The isolation and concentration of phospholipids from various dairy by-products
Tong . Wang
There has been great interest in the phospholipids (PLs) found in dairy products because of their health and functional properties. The isolation and concentration of these PLs has been a significant research area in recent years. Dairy by-products contain higher concentrations of PLs compared to raw milk, which make them an economic feedstock for PLs concentration. Technologies that produce isolated lipid fractions with elevated PLs concentrations have yet to be obtained and are a priority for the United States dairy industry. This dissertation summarizes methods used to isolate and concentrate PLs from various dairy by-products. The technologies utilized in these studies provide a means for the dairy industry to utilize dairy by-products more effectively and provide methodologies appropriate for industry scale-up. The end goal of this research is the production of an isolated dairy lecithin with a PLs concentration greater than 50%. The simultaneous texturization and extraction of PLs (STEP) method, modified from the method used for egg yolk, which utilized ethanol, was shown to be an effective and efficient way to produce a dairy PLs concentrate from whey protein phospholipid concentrate. The use of food grade surfactants was shown to be effective in improving the PLs distribution to buttermilk, which is a by-product with potential for PLs utilization, during cream churning. Both zinc acetate and calcium acetate were effective for precipitating the total lipid and PLs found in the beta stream and an additional ethanol extraction has great potential for producing valuable lipid fractions. The use of solvent fractionation was shown to be an effective way to concentrate PLs from the lipid fraction isolated from the beta stream and produced a dairy lecithin. An investigation into the oxidative stability of whey protein phospholipid concentrate lipid fraction suggests that powdered and liquid forms of industrial WPPC were oxidized.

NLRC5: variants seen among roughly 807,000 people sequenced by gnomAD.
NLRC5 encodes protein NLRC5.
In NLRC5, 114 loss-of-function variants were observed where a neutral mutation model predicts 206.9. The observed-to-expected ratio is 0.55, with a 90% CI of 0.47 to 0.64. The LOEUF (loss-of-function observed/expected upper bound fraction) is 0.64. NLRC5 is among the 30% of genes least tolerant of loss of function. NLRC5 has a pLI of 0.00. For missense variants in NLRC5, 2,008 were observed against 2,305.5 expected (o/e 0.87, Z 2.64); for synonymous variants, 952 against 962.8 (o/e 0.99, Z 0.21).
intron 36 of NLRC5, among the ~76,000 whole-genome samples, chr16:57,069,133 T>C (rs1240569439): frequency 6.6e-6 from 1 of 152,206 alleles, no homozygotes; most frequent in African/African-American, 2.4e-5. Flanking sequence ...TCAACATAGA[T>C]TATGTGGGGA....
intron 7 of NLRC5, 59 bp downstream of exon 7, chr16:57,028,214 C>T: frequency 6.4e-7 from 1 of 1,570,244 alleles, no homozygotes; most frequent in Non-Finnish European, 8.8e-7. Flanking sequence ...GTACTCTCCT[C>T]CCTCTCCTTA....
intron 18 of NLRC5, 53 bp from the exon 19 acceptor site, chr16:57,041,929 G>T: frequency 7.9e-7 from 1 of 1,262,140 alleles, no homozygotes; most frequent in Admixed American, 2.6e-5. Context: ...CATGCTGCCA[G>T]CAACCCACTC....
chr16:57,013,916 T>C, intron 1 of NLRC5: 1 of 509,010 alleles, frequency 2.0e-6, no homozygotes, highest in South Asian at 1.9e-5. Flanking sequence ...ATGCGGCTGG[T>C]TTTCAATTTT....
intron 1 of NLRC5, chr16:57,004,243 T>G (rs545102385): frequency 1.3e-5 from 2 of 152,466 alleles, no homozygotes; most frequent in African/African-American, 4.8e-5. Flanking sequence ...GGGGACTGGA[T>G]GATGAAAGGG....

All of these studies provided insight into PLs isolation and concentration methods, along with giving an understanding of the oxidative stability of dairy by-products lipid fractions. The end goal of this research was obtained with an effective means to produce a dairy lecithin that can be utilized in various food and consumer applications.